President Bush's Africa trip this week will take him to many of that continent's success stories. But Liberia, a nation not on his itinerary, is drawing priority attention.
The UN and West African countries want the United States to send 2,000 troops to help end the civil war there. The US forces would join 3,000 West African soldiers.
The country founded by freed American slaves in 1847 has been devastated by 14 years of conflict. Its warlord president, Charles Taylor, stands indicted for war crimes for sponsoring conflicts throughout the region.
Both Mr. Taylor and his opponents, whose human rights record is little better, say they would welcome US troops. Taylor says he'll resign after international peacekeepers arrive; President Bush insists Taylor must go first.
Mr. Bush is right to proceed cautiously. He's sending a "humanitarian assistance team" of military experts to examine the situation and report back first. The American military is stretched thin with unfinished work in Afghanistan and Iraq.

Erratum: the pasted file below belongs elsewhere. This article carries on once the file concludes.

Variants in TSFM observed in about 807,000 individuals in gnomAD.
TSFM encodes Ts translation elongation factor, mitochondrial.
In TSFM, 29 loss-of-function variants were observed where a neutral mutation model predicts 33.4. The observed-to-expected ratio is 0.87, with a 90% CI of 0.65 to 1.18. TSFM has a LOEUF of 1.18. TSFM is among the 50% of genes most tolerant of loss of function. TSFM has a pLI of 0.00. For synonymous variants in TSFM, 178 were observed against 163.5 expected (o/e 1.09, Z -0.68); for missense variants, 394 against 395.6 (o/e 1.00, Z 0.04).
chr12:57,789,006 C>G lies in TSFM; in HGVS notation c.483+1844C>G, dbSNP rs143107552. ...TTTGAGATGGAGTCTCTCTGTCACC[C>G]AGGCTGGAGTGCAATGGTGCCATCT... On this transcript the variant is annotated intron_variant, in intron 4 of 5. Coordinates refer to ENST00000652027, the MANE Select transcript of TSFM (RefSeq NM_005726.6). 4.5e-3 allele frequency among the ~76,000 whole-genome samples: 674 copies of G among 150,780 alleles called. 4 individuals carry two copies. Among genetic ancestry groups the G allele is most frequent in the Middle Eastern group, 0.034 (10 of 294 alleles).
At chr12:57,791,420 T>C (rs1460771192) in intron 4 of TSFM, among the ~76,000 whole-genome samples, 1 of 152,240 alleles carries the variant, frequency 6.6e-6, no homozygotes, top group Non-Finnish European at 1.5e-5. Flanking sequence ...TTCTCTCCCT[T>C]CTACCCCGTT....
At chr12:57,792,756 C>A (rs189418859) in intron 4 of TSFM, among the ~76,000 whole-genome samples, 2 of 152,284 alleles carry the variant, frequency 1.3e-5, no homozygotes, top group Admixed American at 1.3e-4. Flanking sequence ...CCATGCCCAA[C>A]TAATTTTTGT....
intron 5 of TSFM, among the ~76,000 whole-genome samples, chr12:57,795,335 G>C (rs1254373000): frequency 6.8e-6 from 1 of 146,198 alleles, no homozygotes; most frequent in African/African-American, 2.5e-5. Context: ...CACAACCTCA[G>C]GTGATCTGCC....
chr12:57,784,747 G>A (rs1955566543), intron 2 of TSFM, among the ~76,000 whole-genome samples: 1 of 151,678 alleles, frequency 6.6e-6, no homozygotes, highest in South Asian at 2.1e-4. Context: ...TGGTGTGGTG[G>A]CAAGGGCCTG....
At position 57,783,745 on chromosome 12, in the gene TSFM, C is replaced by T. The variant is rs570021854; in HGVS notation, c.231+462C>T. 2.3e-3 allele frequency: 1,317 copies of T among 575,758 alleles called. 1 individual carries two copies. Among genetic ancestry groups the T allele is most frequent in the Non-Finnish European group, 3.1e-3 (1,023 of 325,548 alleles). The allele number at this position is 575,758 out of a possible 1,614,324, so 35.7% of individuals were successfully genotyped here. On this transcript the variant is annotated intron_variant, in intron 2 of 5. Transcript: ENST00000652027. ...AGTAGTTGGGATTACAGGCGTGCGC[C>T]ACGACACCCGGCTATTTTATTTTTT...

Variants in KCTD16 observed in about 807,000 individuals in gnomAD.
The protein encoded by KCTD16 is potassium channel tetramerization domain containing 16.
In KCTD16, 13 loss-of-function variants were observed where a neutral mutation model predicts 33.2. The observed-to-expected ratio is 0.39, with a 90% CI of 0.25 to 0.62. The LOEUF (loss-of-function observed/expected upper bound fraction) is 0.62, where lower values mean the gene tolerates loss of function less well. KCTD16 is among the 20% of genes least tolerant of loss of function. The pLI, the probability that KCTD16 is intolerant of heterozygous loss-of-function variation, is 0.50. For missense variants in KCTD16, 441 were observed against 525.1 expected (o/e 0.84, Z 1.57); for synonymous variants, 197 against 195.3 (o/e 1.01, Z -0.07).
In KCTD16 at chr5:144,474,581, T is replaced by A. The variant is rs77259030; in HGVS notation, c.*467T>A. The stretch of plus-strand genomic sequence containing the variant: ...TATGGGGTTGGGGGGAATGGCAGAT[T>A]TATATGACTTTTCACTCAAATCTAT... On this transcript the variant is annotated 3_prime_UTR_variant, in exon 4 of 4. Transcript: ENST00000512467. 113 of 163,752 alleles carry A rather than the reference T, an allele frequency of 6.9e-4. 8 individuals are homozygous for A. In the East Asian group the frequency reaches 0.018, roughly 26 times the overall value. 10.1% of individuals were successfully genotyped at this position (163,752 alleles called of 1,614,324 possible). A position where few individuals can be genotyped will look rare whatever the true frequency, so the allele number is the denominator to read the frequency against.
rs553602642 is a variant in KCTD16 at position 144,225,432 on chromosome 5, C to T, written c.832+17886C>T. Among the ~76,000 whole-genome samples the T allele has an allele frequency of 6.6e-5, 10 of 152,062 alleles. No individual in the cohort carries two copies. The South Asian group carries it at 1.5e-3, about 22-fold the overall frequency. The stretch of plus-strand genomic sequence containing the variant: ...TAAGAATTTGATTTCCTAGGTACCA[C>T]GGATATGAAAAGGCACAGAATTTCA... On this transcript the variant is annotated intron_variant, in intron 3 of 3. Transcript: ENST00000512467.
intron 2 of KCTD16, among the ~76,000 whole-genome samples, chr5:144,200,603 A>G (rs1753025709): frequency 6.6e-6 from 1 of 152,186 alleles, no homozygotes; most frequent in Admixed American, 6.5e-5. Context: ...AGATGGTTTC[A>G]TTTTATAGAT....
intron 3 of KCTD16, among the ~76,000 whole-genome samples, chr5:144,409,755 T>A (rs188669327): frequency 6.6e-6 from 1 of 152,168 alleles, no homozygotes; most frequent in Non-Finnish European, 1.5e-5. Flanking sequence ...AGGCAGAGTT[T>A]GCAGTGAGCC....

But the US has always had a special relationship with Liberia, which was a staunch US ally during the cold war. British and French troops are helping cool down conflicts in nearby Sierra Leone and Ivory Coast that Taylor instigated. The US can't and shouldn't intervene everywhere, but this is a clear instance where it should.
Ending the fighting may take time. Once stability is restored, US troops should quickly be replaced by UN peacekeepers. But the US must stay politically and economically involved in Liberia for the long term.
If another nation grants Taylor asylum, as Nigeria has offered, it would be harboring an international fugitive. But he must resign and leave Liberia. Whichever country receives him should then deliver him up for trial reasonably soon.